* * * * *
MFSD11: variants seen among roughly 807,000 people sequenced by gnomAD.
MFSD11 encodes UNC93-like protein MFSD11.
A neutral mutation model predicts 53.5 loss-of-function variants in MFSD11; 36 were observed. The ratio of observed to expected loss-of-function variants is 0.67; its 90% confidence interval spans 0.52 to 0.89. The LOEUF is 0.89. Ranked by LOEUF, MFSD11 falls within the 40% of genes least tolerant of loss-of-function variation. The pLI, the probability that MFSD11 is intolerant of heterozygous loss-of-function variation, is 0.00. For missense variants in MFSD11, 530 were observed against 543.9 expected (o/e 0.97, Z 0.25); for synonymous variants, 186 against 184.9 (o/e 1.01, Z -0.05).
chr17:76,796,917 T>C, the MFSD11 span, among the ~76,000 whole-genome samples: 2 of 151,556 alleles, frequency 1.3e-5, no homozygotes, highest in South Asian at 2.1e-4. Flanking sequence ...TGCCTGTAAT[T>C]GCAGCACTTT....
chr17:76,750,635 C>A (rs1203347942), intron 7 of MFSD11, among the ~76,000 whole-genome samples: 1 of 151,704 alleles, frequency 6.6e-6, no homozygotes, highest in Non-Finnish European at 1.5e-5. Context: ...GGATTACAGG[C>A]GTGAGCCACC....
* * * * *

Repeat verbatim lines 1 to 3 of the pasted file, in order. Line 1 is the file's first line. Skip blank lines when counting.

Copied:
MFSD11: variants seen among roughly 807,000 people sequenced by gnomAD.
MFSD11 encodes UNC93-like protein MFSD11.
A neutral mutation model predicts 53.5 loss-of-function variants in MFSD11; 36 were observed. The ratio of observed to expected loss-of-function variants is 0.67; its 90% confidence interval spans 0.52 to 0.89. The LOEUF is 0.89. Ranked by LOEUF, MFSD11 falls within the 40% of genes least tolerant of loss-of-function variation. The pLI, the probability that MFSD11 is intolerant of heterozygous loss-of-function variation, is 0.00. For missense variants in MFSD11, 530 were observed against 543.9 expected (o/e 0.97, Z 0.25); for synonymous variants, 186 against 184.9 (o/e 1.01, Z -0.05).